The present article presents an innovative and precise quantitative method of hair analysis by quantitative polarized light microscopy of optically active substances. Using the remote sensing application couple with the unmixing mathematical procedures, the analytical technique provides a reading of the intracellular content in the hair, in particular bulb), by mean of a single, simple, fast analysis. The analytical determination includes minerals and organic thermo-labile compounds such as vitamins, amino acids and hormones, otherwise not possible with TMA, and does not require complex, sophisticated instruments and procedures.
Materials and Methods
Equipment
The equipment consists in a microscope (Olympus model BH2, Tokyo, Japan), equipped with polarized filters (Nikon, Tokyo, Japan), and a high definition camera with at least seven million pixels 7.5mb (Nikon D70S, Chiyoda-ku, Tokyo, Japan), equipped with a remote release and connected to a personal computer.
Hair sampling
In order to take hair sample, we proceeded according to the recommendation from the literature about hair sampling (Figure 1). The hair pool has been sampled with the help of a pair of tweezers in order to take both the hair shaft and bulb and poured in an aluminum foil. Each hair randomly selected for analysis has been withdrawn from the pool and treated as hereinafter.

To standardize the method to assay mineral and organic compound concentration in the hair bulb, the following recommendations was taking into consideration:

1) The hair sample was taken without washing the hair for at least (24-48) h.

2) The hair was taken with the bulb and the stem. In subjects with short hair, the use special tweezers are needed.

3) The hair was taken in areas of the head called Preferential Operating Points (POP) figure 1. The POP is:

a) Front parietal right and left (not to be used if there are situations like alopecia androgenetiforme both male and female);

b) Occipital and/or inferior occipital (in cases of alopecia extended);

c) Left and right ear.

For the analysis was taken 3-5 hair by each POP (6 POPx5 hair=30 hairs). In cases where it is not possible sampling the frontoparietal POP, is indicated to increase the number of hair collected in the other POP. In total hair sample analyzed was 30 hairs. Regions of Interest (ROI) for analysis correspond with the bulb of the hair. The oval form of this area was recognized by the software. The black background of the photo (because is a fluorescent photo) serve as limit of the ROI. In that way, variation in the thickness of the hair, intra or inter individuals, do not interfere with the analysis.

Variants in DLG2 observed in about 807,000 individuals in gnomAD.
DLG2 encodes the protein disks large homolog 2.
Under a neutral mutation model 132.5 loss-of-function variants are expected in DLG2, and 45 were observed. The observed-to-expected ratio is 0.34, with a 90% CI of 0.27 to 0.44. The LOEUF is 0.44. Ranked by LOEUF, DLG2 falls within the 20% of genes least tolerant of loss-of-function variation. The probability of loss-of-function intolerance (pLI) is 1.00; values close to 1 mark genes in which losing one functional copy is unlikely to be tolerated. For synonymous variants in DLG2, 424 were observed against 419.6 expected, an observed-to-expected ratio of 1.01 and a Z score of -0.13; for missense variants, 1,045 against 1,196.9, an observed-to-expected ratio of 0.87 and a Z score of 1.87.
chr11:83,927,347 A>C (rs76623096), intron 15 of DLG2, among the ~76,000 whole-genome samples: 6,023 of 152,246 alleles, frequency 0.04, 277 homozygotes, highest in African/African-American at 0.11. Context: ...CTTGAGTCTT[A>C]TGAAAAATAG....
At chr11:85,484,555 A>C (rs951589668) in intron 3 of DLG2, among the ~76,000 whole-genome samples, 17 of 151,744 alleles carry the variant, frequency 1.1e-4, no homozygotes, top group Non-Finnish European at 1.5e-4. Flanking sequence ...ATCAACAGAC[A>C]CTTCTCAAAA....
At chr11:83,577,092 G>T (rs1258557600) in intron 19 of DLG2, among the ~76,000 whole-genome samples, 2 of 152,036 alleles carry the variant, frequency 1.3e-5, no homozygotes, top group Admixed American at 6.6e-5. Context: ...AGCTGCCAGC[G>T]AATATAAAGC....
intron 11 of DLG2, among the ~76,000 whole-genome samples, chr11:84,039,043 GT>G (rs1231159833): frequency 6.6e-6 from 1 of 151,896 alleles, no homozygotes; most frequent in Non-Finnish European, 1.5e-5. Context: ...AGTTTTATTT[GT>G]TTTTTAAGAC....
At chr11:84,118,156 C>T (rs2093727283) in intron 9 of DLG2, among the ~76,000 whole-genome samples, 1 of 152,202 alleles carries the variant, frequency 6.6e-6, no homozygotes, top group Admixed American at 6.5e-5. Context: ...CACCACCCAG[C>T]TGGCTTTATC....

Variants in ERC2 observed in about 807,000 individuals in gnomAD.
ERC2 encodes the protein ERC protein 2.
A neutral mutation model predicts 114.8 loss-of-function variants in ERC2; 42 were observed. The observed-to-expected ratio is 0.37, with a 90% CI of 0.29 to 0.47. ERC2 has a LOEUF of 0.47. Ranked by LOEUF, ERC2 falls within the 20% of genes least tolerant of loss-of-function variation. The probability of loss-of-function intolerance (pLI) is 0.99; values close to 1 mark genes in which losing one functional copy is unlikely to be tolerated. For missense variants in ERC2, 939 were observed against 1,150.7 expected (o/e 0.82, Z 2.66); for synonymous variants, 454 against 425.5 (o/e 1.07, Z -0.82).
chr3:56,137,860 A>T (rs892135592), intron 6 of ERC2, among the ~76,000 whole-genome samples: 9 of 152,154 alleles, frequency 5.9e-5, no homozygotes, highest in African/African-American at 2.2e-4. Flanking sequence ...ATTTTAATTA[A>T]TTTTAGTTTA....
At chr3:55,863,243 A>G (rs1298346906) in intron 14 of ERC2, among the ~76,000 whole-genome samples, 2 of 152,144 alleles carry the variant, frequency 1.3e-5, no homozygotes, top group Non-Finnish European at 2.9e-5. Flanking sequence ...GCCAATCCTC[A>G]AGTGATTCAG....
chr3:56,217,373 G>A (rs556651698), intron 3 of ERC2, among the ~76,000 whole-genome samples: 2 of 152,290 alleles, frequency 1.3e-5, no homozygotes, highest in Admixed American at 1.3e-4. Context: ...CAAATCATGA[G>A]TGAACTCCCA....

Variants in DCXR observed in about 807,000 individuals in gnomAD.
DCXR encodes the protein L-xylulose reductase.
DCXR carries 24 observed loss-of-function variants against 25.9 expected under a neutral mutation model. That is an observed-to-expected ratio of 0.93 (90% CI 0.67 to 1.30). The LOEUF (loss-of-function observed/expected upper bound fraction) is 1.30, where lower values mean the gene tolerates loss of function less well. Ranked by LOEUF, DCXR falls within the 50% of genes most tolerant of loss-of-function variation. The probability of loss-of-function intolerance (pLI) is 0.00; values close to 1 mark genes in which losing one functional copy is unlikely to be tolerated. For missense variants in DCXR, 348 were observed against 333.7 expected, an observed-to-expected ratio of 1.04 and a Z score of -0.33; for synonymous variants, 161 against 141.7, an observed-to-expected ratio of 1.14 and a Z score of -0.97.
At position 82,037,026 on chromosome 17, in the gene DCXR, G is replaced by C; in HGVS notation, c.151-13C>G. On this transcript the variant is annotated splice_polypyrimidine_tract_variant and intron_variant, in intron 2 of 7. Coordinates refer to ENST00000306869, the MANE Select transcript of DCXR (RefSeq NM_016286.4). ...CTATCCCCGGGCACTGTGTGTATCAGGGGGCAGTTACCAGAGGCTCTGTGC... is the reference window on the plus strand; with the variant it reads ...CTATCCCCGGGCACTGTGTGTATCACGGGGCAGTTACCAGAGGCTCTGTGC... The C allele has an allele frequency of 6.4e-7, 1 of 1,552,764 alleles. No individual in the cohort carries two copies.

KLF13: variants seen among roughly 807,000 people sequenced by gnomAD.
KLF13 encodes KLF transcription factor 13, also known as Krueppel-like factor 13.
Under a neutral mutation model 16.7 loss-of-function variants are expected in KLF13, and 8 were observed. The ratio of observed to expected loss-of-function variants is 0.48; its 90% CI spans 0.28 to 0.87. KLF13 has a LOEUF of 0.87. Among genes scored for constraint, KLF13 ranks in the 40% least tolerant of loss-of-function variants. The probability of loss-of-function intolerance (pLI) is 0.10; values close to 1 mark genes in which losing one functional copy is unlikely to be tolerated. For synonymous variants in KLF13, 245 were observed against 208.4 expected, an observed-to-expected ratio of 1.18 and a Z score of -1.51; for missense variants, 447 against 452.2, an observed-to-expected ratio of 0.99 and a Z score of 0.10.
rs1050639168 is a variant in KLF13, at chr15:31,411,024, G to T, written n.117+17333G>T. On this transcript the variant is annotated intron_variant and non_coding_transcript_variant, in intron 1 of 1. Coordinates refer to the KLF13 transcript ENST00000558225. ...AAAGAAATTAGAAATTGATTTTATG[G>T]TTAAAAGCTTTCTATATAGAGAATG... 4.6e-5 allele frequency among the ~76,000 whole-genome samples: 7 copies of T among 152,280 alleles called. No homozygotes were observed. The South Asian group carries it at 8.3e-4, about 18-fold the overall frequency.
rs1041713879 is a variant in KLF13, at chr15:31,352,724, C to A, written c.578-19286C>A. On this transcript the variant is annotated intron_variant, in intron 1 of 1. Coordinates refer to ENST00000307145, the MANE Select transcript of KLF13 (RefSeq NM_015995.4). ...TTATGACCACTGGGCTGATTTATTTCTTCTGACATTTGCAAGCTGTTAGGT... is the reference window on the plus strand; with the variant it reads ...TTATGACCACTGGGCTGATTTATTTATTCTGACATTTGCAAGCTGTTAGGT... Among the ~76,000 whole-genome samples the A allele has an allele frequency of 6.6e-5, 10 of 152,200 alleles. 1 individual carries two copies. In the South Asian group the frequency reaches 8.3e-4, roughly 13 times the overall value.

Digital photos
The hair or the pure analytes (hair bulb) have been placed into a microscope slide previously wetted with two drops of Canada balsam. That has been covered with a cover glass. The samples have been placed in the microscope and focalized. The photo of the hair bulb, in refracted polarized light has been made using the high definition camera, building on the microscope (Figure 2).

The images are downloaded to a personal computer. Usually, the pictures present a “noise” in some pixels or small cluster of pixels given by electronics or intrinsic artificial factors in the file format (i.e., JPEG), which affects the brightness and sharpness of the chromatic bands. The noise in the pictures is eliminated by a correction algorithm suitably adapted for the system, which does not touch the other variables in the pixels, such as wavelength and intensity of the refracted polarized light.

The pixels in the pictures have then been scanner using an electronic pointer or tele-beamer, which has determined the wavelength and intensity of the refracted polarized light in each pixel with a precision of ten thousand (four digits after the point).
Statistic